Marguerite Stimpson, Broadway actress and charming founder and co-host of InViolet’s popular Second Monday Socials talks backstage rituals, her introduction to InViolet, and the joys of working on the West End
InViolet: How do you identify in the theater world?
InViolet: Tell us about your journey as an InViolet.
Marguerite: Four years ago, one of my closest friends, company member Bixby Elliot, asked me if I would like to come to InViolet’s annual retreat. Coincidentally, my husband, Gerardo Rodriguez, was asked by company member Bernardo Cubria to come to that same retreat. So both Gerry and I were newbies at the same time. For those who don’t know, the annual retreat is an intense five-day period where we go to the woods and read a bunch of plays, cook meals together, and hang out late into the night. It felt like summer camp, and I loved every minute of it. Shortly after, we were asked to become company members, and I have happily been a part of InViolet ever since.
InViolet: What’s your favorite InViolet memory?
Marguerite: There are so many, so it’s hard to choose one! Bixby and I have organized a monthly event called Second Monday Social, and it’s open to both InViolet Theater members as well as anyone else. Our first Second Monday was so amazing because we weren’t sure if anyone would show up, and then so many people did, and it was such a wonderful night. I also have very fond memories of doing Erin Mallon’s production of BRANCHED at HERE. Erin’s writing is so sharp and funny, so the cast wanted to be sure we were on top of our lines. We got into a ritual of getting to the theater early and running them in the women’s dressing room every night pre-show. Some of my favorite memories are of hanging out in the dressing room with Andrew Blair, Michelle David and Tara Westwood and saying Erin’s very funny words.
InViolet: Our new event “Second Monday Social” is the beautiful brainchild of you and fellow company member Bixby Elliot. It’s a hit! And you two are delicious hosts! How’s this whole process been for you?
Marguerite: The whole process has been unbelievable. Second Monday has become my favorite night of each month. It’s been great to see how much people have embraced SMS, and that it has become a community in its own right. I think it’s a very simple formula, and that’s why it works: six writers are given the opportunity to have ten pages read, and we cast the pieces based on a pool of actors who sign in to read that night. The audience is incredibly generous and supportive. I’ve noticed our SMS folks are keen to laugh at the funny pieces, but are also very quick to respond to the more somber ones.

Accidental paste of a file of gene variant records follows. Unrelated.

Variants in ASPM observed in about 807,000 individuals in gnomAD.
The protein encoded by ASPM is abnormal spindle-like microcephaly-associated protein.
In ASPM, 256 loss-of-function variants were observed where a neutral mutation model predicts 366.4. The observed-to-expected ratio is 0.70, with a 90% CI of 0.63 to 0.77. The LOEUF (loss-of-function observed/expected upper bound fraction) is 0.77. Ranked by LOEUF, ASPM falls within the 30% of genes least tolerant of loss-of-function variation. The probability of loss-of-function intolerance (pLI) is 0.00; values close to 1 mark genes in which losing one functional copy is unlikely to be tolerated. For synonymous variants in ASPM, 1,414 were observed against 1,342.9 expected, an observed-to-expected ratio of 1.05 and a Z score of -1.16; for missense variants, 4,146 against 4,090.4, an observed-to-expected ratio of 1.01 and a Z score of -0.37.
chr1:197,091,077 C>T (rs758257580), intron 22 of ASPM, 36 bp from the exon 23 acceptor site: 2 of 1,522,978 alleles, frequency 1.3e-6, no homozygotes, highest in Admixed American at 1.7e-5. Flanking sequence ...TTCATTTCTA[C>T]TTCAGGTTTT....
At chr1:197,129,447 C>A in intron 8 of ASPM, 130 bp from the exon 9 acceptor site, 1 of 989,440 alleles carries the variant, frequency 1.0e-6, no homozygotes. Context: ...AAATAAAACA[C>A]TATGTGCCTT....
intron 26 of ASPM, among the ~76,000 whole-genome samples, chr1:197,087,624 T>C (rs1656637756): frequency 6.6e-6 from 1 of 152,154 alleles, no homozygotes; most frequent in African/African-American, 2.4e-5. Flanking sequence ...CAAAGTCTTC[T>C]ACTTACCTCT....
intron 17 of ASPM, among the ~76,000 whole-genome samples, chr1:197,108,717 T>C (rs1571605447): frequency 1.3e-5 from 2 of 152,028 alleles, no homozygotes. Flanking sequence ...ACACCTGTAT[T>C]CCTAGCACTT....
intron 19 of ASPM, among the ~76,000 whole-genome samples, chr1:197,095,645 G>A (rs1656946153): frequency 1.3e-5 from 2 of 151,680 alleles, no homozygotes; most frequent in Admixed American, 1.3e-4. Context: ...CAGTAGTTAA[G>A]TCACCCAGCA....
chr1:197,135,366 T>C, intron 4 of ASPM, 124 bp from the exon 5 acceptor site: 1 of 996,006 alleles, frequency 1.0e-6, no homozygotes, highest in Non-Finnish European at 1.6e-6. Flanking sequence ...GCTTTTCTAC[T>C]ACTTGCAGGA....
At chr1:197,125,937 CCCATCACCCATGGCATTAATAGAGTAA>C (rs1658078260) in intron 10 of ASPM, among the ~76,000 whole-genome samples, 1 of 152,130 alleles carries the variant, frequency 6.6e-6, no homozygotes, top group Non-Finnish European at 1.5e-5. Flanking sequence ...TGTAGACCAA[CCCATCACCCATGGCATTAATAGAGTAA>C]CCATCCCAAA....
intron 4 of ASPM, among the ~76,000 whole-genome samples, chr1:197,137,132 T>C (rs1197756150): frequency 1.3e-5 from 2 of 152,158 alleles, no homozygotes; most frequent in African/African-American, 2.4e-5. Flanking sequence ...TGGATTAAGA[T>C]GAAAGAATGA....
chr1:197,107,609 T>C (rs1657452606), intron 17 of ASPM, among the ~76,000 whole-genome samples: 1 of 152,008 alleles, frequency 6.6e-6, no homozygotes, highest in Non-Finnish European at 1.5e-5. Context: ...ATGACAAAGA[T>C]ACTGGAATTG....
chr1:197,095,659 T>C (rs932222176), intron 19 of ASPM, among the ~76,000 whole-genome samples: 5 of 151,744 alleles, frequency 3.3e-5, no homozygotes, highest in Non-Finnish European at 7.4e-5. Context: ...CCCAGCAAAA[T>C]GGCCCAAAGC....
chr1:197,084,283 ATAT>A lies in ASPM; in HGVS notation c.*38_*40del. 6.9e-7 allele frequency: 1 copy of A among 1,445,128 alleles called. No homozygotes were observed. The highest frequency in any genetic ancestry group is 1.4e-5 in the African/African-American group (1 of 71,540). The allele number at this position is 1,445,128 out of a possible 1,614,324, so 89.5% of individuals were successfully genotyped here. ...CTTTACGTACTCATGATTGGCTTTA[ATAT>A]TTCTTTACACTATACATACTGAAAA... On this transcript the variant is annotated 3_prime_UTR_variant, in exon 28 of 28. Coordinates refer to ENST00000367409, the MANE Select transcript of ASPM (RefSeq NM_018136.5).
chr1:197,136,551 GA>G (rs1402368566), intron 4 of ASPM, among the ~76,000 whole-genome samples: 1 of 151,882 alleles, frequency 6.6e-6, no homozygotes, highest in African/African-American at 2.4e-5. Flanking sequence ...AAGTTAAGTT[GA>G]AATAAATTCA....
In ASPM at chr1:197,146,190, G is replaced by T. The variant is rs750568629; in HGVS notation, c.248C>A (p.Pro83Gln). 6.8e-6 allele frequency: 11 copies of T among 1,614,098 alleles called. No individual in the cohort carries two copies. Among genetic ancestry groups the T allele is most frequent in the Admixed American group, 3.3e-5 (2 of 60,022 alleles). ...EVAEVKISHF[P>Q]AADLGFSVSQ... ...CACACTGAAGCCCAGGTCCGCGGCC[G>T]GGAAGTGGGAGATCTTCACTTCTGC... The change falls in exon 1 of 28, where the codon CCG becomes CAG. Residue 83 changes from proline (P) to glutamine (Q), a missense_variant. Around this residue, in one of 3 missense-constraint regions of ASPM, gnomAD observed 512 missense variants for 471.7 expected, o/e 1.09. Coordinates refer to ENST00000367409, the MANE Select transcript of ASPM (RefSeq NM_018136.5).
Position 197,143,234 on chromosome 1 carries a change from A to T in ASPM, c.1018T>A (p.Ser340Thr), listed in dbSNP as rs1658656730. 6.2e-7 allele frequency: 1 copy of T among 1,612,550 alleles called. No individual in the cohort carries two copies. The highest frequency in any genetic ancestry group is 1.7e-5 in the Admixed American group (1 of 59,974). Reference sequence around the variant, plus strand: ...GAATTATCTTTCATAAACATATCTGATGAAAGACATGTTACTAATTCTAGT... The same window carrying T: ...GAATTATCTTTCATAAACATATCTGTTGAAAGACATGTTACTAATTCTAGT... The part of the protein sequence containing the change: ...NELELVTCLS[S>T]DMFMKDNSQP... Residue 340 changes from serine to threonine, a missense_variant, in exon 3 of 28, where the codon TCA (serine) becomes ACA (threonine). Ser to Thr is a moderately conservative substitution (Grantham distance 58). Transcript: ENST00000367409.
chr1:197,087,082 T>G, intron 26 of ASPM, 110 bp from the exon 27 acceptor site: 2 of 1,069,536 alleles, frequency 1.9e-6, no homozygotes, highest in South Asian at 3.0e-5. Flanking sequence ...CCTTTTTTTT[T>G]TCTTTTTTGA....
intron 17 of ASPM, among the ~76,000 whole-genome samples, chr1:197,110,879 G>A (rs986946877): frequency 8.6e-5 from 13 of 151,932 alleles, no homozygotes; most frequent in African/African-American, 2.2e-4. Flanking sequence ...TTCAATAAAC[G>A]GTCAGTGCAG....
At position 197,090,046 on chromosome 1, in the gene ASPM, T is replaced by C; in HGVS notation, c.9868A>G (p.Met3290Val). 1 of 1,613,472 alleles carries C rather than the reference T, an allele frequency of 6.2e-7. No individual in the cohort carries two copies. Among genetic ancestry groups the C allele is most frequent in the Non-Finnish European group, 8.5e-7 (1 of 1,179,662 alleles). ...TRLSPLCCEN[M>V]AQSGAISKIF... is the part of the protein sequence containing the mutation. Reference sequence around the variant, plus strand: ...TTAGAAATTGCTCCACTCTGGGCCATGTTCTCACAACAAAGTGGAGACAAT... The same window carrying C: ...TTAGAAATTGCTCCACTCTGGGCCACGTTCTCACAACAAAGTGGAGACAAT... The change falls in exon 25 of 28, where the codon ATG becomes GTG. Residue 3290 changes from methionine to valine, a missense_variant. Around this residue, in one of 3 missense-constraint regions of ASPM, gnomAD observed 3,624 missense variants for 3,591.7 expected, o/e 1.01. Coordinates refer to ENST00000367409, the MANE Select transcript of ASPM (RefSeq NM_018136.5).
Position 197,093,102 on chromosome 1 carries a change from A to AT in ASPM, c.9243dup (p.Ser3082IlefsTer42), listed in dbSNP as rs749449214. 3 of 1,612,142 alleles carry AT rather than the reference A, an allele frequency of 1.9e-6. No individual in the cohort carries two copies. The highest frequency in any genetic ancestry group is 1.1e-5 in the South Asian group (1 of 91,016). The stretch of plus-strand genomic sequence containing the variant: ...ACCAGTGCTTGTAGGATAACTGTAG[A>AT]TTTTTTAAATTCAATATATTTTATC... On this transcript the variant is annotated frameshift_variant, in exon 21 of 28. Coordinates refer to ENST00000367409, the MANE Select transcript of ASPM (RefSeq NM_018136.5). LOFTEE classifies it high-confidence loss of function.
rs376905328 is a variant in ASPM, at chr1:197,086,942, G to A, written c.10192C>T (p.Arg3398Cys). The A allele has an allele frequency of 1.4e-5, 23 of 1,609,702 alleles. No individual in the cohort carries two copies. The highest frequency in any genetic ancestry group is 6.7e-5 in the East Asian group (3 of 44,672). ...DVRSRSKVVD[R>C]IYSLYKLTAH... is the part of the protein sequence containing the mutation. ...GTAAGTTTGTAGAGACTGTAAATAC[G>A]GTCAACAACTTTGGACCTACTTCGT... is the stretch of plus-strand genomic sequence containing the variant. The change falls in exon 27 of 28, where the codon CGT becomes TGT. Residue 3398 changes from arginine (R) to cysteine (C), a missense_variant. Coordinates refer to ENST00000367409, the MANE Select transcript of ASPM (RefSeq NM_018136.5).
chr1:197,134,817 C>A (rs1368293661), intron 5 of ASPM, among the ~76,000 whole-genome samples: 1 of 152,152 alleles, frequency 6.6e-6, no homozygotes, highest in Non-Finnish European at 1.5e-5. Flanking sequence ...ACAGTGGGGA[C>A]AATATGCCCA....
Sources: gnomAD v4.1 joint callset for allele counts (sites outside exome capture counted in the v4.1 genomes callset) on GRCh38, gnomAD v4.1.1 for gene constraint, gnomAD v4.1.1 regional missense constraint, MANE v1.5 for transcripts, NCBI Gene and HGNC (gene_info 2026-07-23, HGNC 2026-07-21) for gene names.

InViolet: You were in The Elephant Man on Broadway last year. Tell us all about it!
Marguerite: It was really a once in a lifetime experience. We were nominated for a Tony for best Revival of a Play, and three of our actors were nominated. We were also at the Booth Theater, where the original production of Elephant Man premiered. Watching Bradley Cooper’s process as he transformed into John Merrick was incredible. I had never experienced being in a show that was such a commercial hit- it didn’t hurt that a movie star was the lead! Our cast became very close, and the fact that we got to take it to London lessened the blow of our run ending on Broadway.
InViolet: You spent a few months performing in London last year too. What’s the London theater scene like?
Marguerite: We remounted Elephant Man at the Theatre Royal Haymarket. It was astonishing to be in this historical theater and to walk by all of the posters of shows that had been there. Apparently John Gielgud was so attached to the Haymarket that he slept there during the Blitz to watch over it. The London theater community was very inclusive and welcoming. There is such a long history and respect for theater in London, and I was constantly struck by that. It is similar to performing in New York, and yet theater has existed there so much longer, so you really feel as if you are stepping into such a long-standing tradition. I think there is less of a view of theater being a stepping stone to something else there- people really do dedicate their lives to the theater, and even the bigger names- like Ralph Fiennes, seem to return to do theater on a more regular basis. On my days off I would see as many shows as I could, and it was thrilling to do things like tour the Globe and be in the land of Shakespeare. Plus they serve ice cream at the intermissions!
InViolet: What’s up next for you?
Marguerite: I am doing a benefit reading at Shakespeare on the Sound on Friday October 28th of THE IMPORTANCE OF BEING EARNEST. When Claire Kelly, the artistic director, asked me to do it and play the role of Cecily, she explained that although I wasn’t quite right age wise, it would be fun to see me do it. Since I never got to play Cecily in my ingénue days, I am thrilled to have a chance to play her for one evening. Cecily is the ingénue that got away!
InViolet: It’s the 1st week of fall. Pumpkin Spice lattes, yay or nay?
Marguerite: Oh I am boring! I basically just switch from my cold brew iced coffee to hot coffee at this time of year!